I love exploring historic churches, and in this article I want to talk about two seventeenth century churches which teach us a lesson about how we should act as Christians when the times seem dark.
The first is Holy Trinity, Staunton Harold, in Leicestershire. In the 1650s the Staunton Harold estate was owned by Sir Robert Shirley, a monarchist and a devout Anglican at a time when the monarchy and the Church of England had been abolished the Commonwealth regime led by the Lord Protector, Oliver Cromwell.
In 1653 Shirley started to build Holy Trinity in a traditional gothic style as a private chapel for his estate, and as an act of public witness to his Anglican convictions.
In response Cromwell declared that if Shirley could pay for such a fine church he could also pay to outfit a ship for the Commonwealth navy. Because of his political convictions Shirley refused to give any money for a ship and he was imprisoned in the Tower of London where he died at the age of 27.
Eventually, Holy Trinity was completed after the restoration of the Church of England, and over the West door of the Church there is a plaque written by the Archbishop of Canterbury, Gilbert Sheldon, to whom Shirley had offered refuge during the English Civil War. The plaque declares:
"In the year 1653 when all things sacred were throughout ye Nation either demolished or profaned, Sir Robert Shirley Baronet, founded this church, whose singular praise it is to have done the best things in ye worst times and hoped them in the most callamitous. The righteous shall be had in everlasting remembrance."
The second is St Andrew's, Walberswick, in Suffolk. At the end of the Middle Ages, Walberswick was a very prosperous trading port and between 1426 and 1520 its inhabitants used some of their wealth to build a huge new parish church in the fashionable perpendicular gothic style. Unfortunately, from 1539 onwards Walberswick went into steep economic decline, which meant that its inhabitants were no longer able to afford the church's upkeep.
However, they did not give up. Instead, in 1696, having received permission to rebuild, they kept the tower, but unroofed the rest of the church and sold the wood, the lead, and three of the four church bells to finance the erection of a new church building in the Western part of the old south aisle, a building where Christian worship has continued to take place ever since.
It seems to me that the actions taken by Sir Robert Shirley and the inhabitants of Walberswick illustrate the teaching given by the great German theologian Dietrich Bonhoeffer about how Christians should live in dark times.
In a sermon on Matthew 16:13-18 which he preached in July 1933 following the German church elections in which the Nazi-supporting German Christians achieved a great victory, Bonhoeffer comments as follows on Christ's promise of 'I will build my church':
".... It is not we who build. He wills to build the church. No man builds the church but Christ alone. Whoever is minded to build the church is surely well on the way to destroying it; for he will build a temple to idols without wishing or knowing it. We must confess - he builds. We must proclaim - he builds. We must pray to him - he builds. We do not know his plan. We cannot see whether he is building or pulling down. It may be that the times which by human standards are times of collapse are for him the great times of building. It may be that the times which from a human point of view are great times for the church are times when it is pulled down. It is a great comfort which Christ gives to his church: you confess, preach, bear witness to me, and I alone will build where it pleases me. Do not meddle in what is my province. Church, do what is given to you to do well and you have done enough. But do it well. Pay no heed to views and opinions, don't ask for judgements, don't always be calculating what will happen, don't always be on the look-out for another refuge! Church, stay a church! But Church confess, confess, confess!"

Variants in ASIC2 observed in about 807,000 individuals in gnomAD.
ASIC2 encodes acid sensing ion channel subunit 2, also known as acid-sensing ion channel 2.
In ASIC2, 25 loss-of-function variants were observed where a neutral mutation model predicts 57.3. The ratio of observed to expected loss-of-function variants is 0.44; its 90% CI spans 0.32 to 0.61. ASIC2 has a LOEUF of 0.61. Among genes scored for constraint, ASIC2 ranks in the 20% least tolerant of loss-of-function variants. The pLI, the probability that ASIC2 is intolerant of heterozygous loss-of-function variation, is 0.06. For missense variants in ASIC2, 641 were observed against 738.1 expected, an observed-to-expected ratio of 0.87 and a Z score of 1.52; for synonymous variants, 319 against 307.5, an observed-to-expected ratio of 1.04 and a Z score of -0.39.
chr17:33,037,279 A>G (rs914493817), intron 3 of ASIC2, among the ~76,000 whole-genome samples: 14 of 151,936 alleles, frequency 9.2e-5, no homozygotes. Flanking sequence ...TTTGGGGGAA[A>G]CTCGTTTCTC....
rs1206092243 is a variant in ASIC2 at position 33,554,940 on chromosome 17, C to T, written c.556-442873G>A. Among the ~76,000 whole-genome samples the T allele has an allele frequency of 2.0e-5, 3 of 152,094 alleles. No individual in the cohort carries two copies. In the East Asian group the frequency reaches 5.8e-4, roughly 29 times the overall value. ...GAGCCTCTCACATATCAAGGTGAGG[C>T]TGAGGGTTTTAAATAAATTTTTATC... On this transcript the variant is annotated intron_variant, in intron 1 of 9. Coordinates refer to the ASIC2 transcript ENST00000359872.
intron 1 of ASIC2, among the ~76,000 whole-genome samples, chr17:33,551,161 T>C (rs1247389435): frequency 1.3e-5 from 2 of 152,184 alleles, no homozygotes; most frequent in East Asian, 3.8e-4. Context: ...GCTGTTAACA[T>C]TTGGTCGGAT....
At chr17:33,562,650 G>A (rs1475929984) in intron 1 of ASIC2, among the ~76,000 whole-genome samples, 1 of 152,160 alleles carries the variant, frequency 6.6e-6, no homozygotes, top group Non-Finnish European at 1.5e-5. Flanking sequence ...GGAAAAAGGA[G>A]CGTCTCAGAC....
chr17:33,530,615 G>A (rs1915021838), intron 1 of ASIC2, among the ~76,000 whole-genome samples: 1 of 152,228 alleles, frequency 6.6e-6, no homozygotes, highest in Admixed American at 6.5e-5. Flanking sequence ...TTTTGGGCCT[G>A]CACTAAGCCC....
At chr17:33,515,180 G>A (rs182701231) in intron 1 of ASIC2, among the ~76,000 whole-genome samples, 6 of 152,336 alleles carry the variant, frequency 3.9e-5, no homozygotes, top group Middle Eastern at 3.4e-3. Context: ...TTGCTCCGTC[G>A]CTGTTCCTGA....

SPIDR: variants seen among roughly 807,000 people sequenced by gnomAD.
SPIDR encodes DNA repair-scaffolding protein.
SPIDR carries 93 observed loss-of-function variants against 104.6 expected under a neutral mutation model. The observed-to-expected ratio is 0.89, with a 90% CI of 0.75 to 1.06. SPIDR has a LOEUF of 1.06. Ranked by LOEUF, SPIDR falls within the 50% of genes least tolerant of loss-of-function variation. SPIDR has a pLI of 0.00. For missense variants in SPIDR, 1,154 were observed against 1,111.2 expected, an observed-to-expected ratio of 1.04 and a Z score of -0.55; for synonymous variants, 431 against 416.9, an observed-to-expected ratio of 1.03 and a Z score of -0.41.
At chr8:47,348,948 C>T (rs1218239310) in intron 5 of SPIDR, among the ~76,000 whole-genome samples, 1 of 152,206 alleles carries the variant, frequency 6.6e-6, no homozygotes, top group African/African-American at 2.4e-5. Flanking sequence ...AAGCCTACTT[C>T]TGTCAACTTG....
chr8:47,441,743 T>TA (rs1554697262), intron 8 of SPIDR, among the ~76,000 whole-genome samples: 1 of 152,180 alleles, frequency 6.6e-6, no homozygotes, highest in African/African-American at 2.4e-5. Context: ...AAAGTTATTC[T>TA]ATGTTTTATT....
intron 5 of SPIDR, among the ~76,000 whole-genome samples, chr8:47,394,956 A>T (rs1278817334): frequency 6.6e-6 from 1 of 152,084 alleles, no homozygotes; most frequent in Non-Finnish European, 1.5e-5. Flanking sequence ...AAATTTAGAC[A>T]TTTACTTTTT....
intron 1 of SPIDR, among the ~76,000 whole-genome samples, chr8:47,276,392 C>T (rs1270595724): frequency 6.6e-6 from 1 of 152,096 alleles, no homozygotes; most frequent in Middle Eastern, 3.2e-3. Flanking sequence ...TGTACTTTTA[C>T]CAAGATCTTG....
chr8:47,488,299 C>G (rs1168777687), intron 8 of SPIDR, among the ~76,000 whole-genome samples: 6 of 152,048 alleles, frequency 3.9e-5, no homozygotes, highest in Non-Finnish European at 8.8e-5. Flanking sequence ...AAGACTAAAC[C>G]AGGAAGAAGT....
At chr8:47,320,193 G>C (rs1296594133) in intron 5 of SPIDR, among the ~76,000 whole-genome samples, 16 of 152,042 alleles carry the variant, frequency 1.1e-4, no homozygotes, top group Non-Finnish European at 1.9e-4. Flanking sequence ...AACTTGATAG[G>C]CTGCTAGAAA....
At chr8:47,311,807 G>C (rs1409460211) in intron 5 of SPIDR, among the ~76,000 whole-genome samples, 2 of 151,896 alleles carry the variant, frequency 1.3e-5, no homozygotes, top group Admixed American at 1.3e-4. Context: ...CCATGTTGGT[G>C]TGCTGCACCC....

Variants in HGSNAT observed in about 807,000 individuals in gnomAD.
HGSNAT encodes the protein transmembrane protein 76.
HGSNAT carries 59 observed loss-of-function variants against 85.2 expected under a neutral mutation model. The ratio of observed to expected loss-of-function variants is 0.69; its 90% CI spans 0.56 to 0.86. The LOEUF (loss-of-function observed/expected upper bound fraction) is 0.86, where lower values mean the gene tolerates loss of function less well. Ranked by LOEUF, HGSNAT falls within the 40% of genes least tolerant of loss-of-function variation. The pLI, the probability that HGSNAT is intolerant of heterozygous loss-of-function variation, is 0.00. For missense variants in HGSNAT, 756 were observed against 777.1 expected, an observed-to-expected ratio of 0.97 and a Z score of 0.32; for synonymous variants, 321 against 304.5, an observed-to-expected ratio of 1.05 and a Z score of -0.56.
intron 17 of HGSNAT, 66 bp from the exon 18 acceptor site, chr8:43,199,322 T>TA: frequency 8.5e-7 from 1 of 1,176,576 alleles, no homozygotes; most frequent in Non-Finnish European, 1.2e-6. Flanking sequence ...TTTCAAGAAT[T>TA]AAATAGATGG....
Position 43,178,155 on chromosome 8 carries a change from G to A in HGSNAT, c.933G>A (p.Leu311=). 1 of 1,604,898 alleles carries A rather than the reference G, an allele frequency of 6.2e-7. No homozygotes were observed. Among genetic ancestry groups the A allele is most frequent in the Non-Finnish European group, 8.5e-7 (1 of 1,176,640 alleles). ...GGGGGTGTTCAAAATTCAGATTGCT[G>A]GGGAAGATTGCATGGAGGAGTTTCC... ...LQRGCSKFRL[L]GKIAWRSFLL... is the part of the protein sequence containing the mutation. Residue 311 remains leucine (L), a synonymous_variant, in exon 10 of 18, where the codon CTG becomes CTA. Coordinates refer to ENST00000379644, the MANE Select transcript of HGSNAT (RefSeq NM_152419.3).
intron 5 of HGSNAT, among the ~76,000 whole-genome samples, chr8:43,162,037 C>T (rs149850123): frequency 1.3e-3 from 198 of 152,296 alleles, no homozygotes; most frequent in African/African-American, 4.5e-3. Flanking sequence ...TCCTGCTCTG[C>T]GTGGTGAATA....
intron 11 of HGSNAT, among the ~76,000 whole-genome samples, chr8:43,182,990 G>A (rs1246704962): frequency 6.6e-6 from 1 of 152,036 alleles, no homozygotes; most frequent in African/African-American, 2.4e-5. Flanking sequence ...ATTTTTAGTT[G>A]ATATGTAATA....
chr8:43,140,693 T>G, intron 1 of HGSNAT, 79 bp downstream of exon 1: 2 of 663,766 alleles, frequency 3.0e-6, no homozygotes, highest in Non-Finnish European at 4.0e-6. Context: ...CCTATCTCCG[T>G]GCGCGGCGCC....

Bonhoeffer makes three key points.
First, it is Christ alone who is responsible for building his Church. Building the Church is not our responsibility.
Secondly, in this world we can never know precisely what Christ is doing at any point in time. He knows what he is doing and that is all we need to know.
Thirdly, our calling is to confess Christ. We do this with our lips as we confess that 'Jesus is Lord' (Romans 10:9), but also with our deeds as we perform those actions which proclaim our faith in the light of the particular situation in which God has placed us. That was what Sir Robert Shirley did when he founded Holy Trinity Staunton Harold, and what the people of Walberswick did when they re-built St Andrew's.
As in the 1930s, our situation can seem very dark. Islam, with its explicit denial of the Christian faith, is on the rise across the globe. In the Western world, church attendance is steadily falling as society turns increasingly secular. A form of teaching and practice in opposition to the orthodox Christian view of human sexuality threatens to engulf the Church of England as it has engulfed so many other churches in recent years.
We do not know precisely what Christ is doing in all this, but we do know that he is building his Church, and that our calling is to confess our faith in him by doing what we can do in obedience to him in the situation in which he has placed us. Like Sir Robert Shirley, we can do the best things in the worst times, and continue to have hope in the most calamitous.
Martin Davie is a lay Anglican theologian and Associate Tutor in Doctrine at Wycliffe Hall, Oxford.